In the wake of the killing of a journalist that the Canadian government is now deeming a “murder,” the “entire relationship” between Canada and Saudi Arabia is facing serious questions.
In a press conference Monday morning in Ottawa, Foreign Affairs Minister Chrystia Freeland offered the government’s most strongly-worded condemnation yet of the horrific killing of Washington Post journalist Jamal Khashoggi inside the Saudi consulate in Turkey on Oct. 2.
The brutal reported details of the killing, including dismemberment by way of a bone saw, have forced the international community into a stark reckoning of their ties with the oil-rich kingdom.
But for weeks, the Canadian government said only that officials here were “concerned” and “troubled” by the disappearance of the journalist.
“We are gravely concerned by the murder of Jamal Khashoggim” said Freeland during a press conference from Ottawa.
“There are very important questions about the entire relationship with Saudi Arabia that need to be asked … We are having these serious conversations with our partners and allies.”
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Khashoggi, a Saudi citizen who had been living in self-imposed exile as a resident of the United States, was a vocal critic of Crown Prince Mohammed bin Salman.
He had walked into the Saudi consulate in Turkey to retrieve paperwork needed to marry his Turkish fiancee, then never walked out.
Shortly after, Turkish officials told journalists and officials they had recordings from inside the consulate that proved Khashoggi was dismembered and decapitated after being tortured.
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Saudi Arabia had for weeks insisted Khashoggi had left the consulate, before finally admitting on Oct. 19 that he did not.
Instead, the Saudis claimed he died after a fight broke out in the consulate.
As recently as this weekend, the Canadian government referred only to Khashoggi’s “killing” in their public statement issued in response to Saudi Arabia’s confirmation of his death.
Directly calling his death a murder implies planned, criminal intent.
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The Prime Minister’s Office also released a statement during her press conference which said the prime minister had convened a meeting of a new emergency committee known as the Incident Response Group.
Created in August 2018, the committee is “convened in the event of a national crisis or during incidents elsewhere that have major implications for Canada.”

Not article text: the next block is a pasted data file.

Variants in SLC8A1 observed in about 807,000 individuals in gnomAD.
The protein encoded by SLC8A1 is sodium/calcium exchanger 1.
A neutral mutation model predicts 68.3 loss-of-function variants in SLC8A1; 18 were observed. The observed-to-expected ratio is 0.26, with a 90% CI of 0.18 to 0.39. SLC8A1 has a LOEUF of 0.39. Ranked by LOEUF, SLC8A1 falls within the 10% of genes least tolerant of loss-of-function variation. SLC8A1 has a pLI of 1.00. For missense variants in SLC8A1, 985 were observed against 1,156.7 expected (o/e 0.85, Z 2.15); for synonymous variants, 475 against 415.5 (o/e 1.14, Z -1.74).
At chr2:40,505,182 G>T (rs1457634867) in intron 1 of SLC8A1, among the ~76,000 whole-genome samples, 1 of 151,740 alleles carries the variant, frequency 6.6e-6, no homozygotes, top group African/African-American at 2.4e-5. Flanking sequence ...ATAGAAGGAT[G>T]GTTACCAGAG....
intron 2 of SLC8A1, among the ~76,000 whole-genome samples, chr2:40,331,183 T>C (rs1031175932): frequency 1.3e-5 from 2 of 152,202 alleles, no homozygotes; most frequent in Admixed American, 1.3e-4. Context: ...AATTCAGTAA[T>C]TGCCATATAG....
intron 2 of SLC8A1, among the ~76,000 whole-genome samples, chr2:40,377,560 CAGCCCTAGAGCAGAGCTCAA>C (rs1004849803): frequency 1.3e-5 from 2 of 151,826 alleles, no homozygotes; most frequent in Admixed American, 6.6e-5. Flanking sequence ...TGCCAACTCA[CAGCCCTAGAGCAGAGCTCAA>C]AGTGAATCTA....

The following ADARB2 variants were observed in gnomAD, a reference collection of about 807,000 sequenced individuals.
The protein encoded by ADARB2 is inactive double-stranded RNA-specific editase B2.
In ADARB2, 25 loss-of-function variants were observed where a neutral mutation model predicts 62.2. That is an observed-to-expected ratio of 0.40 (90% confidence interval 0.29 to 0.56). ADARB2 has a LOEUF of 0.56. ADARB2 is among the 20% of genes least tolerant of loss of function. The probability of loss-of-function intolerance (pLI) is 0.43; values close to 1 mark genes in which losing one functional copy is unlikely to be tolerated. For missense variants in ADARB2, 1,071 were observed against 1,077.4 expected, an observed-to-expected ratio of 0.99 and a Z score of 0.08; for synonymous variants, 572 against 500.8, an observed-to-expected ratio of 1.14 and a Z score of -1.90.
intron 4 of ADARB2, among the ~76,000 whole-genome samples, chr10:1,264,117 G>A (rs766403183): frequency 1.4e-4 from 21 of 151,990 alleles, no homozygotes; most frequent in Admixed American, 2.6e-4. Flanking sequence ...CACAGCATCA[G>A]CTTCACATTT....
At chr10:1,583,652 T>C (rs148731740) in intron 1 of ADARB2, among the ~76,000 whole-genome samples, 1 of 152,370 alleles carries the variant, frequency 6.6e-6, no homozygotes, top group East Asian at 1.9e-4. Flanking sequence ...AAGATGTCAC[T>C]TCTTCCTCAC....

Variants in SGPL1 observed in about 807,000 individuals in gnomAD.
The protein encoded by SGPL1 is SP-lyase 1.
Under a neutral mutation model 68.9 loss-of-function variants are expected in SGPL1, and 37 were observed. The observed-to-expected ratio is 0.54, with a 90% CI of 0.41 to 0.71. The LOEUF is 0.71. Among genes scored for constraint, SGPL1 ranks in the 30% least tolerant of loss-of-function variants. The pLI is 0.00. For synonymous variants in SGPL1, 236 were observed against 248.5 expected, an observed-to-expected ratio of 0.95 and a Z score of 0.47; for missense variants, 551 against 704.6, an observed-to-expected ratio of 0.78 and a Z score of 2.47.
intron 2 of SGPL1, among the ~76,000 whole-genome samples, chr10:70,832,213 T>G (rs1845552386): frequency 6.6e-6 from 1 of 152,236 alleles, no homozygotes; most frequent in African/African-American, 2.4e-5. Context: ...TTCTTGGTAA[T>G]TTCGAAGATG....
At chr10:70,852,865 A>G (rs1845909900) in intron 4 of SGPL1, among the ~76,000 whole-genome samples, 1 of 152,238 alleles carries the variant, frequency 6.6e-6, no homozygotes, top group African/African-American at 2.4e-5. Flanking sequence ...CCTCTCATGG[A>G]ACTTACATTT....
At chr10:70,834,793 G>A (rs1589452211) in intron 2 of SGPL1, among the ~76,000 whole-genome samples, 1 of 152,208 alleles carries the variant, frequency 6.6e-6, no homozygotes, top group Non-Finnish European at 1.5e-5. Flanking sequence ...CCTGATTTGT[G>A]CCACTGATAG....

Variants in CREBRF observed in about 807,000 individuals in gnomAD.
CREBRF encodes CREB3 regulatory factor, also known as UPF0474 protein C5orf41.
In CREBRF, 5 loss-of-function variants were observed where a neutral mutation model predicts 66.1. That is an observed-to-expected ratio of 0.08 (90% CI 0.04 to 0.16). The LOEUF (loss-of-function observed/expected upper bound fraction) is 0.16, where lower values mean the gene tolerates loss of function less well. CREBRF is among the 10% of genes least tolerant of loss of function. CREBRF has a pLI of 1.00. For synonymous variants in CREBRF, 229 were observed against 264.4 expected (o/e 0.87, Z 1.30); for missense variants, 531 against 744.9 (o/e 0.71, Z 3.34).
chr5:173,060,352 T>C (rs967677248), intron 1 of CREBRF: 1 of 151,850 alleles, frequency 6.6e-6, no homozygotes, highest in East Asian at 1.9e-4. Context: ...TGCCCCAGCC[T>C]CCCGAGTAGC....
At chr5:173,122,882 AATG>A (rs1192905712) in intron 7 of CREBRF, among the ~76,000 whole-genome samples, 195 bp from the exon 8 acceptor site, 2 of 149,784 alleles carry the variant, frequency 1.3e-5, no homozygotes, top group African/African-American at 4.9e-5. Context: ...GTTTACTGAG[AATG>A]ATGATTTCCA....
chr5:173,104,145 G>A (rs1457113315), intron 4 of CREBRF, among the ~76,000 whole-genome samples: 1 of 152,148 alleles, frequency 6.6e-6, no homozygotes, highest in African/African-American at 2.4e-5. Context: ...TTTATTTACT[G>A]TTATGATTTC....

It is designed to bring together ministers and senior government leaders to come up with a response.
Whether that response will include any changes to the export permit granted to allow the sale of hundreds of armoured vehicles to the kingdom remains unclear.
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Freeland was mum when asked during the press conference, despite saying that she had spoken with her German counterpart about the situation.
German Chancellor Angela Merkel announced Sunday night that country will freeze arms sales until the matter is resolved.
The deal between London-based General Dynamics and the Saudis is politically sensitive as the government heads into an election year.
The Liberals won three of the four seats in London in 2015, flipping one from the Conservatives.
The NDP continue to hold the fourth seat.
If the export permit is revoked, the question is whether the impact on local jobs at General Dynamics could cost the Liberals seats in the region they would need to hold onto to maintain their majority in the next election.
Prime Minister Justin Trudeau has repeatedly refused to revoke the permit despite evidence over the last two years that the Saudis have been using similar vehicles to repress dissent among their citizens.
But questions about the deal are not going away any time soon.
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In question period on Monday, he said that the government has the power to stop the sale if they think the vehicles would be used to abuse human rights.
“We have frozen export permits before when we had concerns about its use, and we will not hesitate to do so again,” he said.
It is not clear what criteria the government would use if it were to revoke the permit.
The controversial deal is subject to a sweeping non-disclosure agreement that bars almost all details from being released.